Some older Waterats, Hamlins, and Lindsays were built with a mast gate that does not allow for the amount of mast rake that is required by modern tuning grids. One solution to this is to move the mast base forward, but then you begin to stray from the tuning grid which typically calls for 10′-0″ from transom plane to aft face of the mast.
According to Larry Tuttle, the latest built Waterats should have the following dimensions for the back edge of the past gate:
- bow to aft inside – 81″
- transom to aft inside – 119″
If you are limited by the mast gate and cannot rake to the extreme aft positions (<24′-8″), it is a good idea to extend your mast gate aft. Below is a series of articles from the Fleet 13 Website on how we did this on JB Turney’s Waterat:
Today we began some spring projects on JB’s Waterat 7611. With 7346 pretty much ready to go for the season, JB and I are working together to swiftly make some key upgrades to his boat. Here is the work list:
- Fit out 2 new booms for 7346 and 7611 – lots of sub projects here, wont begin until late April when the carbon sections arrive.
- Fit HA board to trunk, add reinforcements to CB trunk, drill new hole in correct location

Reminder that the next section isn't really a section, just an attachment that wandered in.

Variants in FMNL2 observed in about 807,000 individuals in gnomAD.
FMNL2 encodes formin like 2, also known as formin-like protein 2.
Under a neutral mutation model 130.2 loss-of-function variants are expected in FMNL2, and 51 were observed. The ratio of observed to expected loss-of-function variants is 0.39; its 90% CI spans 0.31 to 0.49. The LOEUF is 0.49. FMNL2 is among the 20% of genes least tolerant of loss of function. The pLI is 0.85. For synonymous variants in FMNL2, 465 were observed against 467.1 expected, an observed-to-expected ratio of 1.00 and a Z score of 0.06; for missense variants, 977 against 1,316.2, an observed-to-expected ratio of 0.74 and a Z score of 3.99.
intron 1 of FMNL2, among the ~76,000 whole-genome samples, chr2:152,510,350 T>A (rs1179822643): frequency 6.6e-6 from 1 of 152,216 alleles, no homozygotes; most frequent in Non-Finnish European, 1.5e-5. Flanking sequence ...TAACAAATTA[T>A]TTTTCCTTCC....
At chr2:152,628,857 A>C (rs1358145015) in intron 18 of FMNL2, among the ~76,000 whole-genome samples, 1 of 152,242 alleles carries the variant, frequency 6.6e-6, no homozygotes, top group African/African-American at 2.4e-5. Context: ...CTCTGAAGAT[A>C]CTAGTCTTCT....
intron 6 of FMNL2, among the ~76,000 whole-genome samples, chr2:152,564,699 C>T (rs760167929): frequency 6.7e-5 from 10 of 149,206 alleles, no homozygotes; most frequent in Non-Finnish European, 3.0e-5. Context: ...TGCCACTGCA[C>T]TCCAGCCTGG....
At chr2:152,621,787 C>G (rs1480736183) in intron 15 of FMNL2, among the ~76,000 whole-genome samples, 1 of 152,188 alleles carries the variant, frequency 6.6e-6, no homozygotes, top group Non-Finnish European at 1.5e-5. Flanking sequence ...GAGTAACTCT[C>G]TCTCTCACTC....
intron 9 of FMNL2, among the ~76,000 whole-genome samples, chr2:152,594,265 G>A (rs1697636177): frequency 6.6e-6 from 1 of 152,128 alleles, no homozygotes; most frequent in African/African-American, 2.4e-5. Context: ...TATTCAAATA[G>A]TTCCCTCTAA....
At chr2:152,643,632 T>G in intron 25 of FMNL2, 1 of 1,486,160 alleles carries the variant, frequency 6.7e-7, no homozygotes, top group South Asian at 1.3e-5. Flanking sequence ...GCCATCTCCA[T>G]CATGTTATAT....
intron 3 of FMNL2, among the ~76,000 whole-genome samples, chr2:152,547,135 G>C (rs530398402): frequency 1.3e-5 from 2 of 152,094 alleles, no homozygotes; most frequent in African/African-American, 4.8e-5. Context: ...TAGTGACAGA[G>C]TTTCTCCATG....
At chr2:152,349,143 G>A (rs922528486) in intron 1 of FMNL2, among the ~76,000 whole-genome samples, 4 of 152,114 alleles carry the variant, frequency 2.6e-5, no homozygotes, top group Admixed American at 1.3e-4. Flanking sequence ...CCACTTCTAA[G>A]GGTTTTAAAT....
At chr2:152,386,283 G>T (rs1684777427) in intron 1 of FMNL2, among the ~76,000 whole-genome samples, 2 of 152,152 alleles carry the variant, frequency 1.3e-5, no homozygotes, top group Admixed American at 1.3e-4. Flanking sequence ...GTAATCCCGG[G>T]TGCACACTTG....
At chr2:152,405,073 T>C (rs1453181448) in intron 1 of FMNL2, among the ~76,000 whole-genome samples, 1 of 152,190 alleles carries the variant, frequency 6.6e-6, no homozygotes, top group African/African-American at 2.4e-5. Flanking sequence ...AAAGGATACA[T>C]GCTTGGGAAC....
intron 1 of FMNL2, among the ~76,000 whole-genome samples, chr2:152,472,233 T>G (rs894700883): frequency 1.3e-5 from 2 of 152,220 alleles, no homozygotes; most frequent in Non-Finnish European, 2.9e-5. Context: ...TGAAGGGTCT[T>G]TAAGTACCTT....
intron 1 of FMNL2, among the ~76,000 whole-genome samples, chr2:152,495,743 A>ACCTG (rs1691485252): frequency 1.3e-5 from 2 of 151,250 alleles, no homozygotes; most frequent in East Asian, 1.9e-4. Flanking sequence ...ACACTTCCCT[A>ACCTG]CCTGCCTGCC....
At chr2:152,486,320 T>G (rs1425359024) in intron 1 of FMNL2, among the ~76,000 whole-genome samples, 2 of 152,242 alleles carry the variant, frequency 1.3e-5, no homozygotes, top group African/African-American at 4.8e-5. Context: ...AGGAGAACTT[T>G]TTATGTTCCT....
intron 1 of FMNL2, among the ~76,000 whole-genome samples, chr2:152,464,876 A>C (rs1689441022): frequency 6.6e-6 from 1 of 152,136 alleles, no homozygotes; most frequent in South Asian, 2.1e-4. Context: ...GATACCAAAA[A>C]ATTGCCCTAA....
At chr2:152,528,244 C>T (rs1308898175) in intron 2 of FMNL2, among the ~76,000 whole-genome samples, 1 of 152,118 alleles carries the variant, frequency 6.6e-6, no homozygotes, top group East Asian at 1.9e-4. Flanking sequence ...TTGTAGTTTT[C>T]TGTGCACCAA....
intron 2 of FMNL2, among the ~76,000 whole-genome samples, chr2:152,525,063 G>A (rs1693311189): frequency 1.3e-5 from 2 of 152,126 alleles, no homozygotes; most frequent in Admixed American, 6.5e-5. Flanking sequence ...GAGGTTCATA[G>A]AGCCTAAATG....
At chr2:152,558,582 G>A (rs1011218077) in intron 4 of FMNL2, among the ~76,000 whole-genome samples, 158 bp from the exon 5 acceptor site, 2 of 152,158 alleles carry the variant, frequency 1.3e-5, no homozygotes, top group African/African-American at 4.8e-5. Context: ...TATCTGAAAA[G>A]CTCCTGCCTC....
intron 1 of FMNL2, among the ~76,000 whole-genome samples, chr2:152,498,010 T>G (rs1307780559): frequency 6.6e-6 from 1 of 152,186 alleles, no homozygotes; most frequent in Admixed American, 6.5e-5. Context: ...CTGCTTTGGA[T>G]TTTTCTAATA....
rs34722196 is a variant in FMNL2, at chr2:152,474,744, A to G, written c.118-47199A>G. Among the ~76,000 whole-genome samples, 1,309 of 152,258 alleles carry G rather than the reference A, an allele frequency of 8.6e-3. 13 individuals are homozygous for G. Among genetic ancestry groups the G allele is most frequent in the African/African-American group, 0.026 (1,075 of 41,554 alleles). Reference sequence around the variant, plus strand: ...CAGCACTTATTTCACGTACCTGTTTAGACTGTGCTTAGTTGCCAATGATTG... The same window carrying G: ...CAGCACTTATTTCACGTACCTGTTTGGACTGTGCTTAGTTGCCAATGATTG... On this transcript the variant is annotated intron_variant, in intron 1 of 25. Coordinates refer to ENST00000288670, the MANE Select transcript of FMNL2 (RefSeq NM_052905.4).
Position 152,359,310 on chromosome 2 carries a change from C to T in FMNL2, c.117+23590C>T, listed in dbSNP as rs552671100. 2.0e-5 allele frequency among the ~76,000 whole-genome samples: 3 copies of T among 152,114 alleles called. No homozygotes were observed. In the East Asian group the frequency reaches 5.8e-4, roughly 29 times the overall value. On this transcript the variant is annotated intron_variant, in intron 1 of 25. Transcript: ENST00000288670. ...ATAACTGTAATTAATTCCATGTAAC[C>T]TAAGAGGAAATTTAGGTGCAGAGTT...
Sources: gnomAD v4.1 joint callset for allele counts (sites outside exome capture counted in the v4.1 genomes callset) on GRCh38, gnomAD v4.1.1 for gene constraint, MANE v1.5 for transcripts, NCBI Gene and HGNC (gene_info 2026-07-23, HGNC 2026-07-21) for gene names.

- Add backing plate under pole launcher on deck
- Cut out and extend back of mast gate, bond in new piece, remount compass, measure/move mast step
- Remove and repair aft-autobailer
- Remove old shroud and forestay cascades and install new system
- Better transom flaps
- Repair small dings in bottom
As you can see we got a pretty good start on this stuff already. We will take pictures and post them here as we continue the work. Everything is pretty straight forward, but we hope our experiences can be of help to others. These are typical upgrades any older Waterat will need to bring it up to modern spec.
The projects continued today. Prep work for the centerboard reinforcements is essentially complete. Those will be bonded in to the boat tomorrow. The back end of the mast gate was bonded into the boat today. Here is a photo sequence of what was done.
First the area was sanded down to the glass to create a good bonding surface.
Next a piece of 1/2 inch mahogany was cut to fit the angles of the diagonal bulkheads. We made a cardboard template that fit so we could make the angles correct on the wood piece. The cuts were done on the table saw. The edges were rounded over at the router table with a 1/4″ radius round-over bit. The piece was then sanded and prepped for bonding.
Finally, the piece was bonded into the boat. Epoxy and colloidal silica was mixed to a peanut butter consistency for the bonding. The front edges(inside the mast gate) and the side edges(where the wood piece meets the diagonal bulkheads) were filleted using the same epoxy mixture. The block was then secured with line as shown in the picture below:
Next, we will glass over the fillets for strength, seal with 2 coats of West System 105/207, cosmetic fairing and spot painting with two-part polyurethane paint. More updates to come.
Glassed in and sealed with 6 oz. s-glass and West System 105/207:
First light cosmetic fairing using West System 105/205 and 410 microlight fairing filler.